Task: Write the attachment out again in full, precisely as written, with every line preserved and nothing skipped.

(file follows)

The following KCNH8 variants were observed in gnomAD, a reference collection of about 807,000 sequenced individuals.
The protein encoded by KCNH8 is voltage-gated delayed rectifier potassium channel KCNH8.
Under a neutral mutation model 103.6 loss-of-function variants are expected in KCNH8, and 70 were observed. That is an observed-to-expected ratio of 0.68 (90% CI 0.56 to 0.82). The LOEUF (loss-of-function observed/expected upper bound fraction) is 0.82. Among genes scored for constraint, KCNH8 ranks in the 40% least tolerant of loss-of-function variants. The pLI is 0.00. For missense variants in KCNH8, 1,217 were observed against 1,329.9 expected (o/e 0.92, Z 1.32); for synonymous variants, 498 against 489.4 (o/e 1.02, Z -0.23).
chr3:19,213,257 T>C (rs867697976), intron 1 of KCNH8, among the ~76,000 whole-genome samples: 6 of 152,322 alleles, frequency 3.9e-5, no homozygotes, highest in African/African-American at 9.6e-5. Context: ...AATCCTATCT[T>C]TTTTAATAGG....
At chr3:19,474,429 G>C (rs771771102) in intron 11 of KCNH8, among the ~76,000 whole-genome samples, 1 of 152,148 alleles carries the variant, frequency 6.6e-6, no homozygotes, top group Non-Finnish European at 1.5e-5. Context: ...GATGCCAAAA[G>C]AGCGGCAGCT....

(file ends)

The following KCNH8 variants were observed in gnomAD, a reference collection of about 807,000 sequenced individuals.
The protein encoded by KCNH8 is voltage-gated delayed rectifier potassium channel KCNH8.
Under a neutral mutation model 103.6 loss-of-function variants are expected in KCNH8, and 70 were observed. That is an observed-to-expected ratio of 0.68 (90% CI 0.56 to 0.82). The LOEUF (loss-of-function observed/expected upper bound fraction) is 0.82. Among genes scored for constraint, KCNH8 ranks in the 40% least tolerant of loss-of-function variants. The pLI is 0.00. For missense variants in KCNH8, 1,217 were observed against 1,329.9 expected (o/e 0.92, Z 1.32); for synonymous variants, 498 against 489.4 (o/e 1.02, Z -0.23).
chr3:19,213,257 T>C (rs867697976), intron 1 of KCNH8, among the ~76,000 whole-genome samples: 6 of 152,322 alleles, frequency 3.9e-5, no homozygotes, highest in African/African-American at 9.6e-5. Context: ...AATCCTATCT[T>C]TTTTAATAGG....
At chr3:19,474,429 G>C (rs771771102) in intron 11 of KCNH8, among the ~76,000 whole-genome samples, 1 of 152,148 alleles carries the variant, frequency 6.6e-6, no homozygotes, top group Non-Finnish European at 1.5e-5. Context: ...GATGCCAAAA[G>C]AGCGGCAGCT....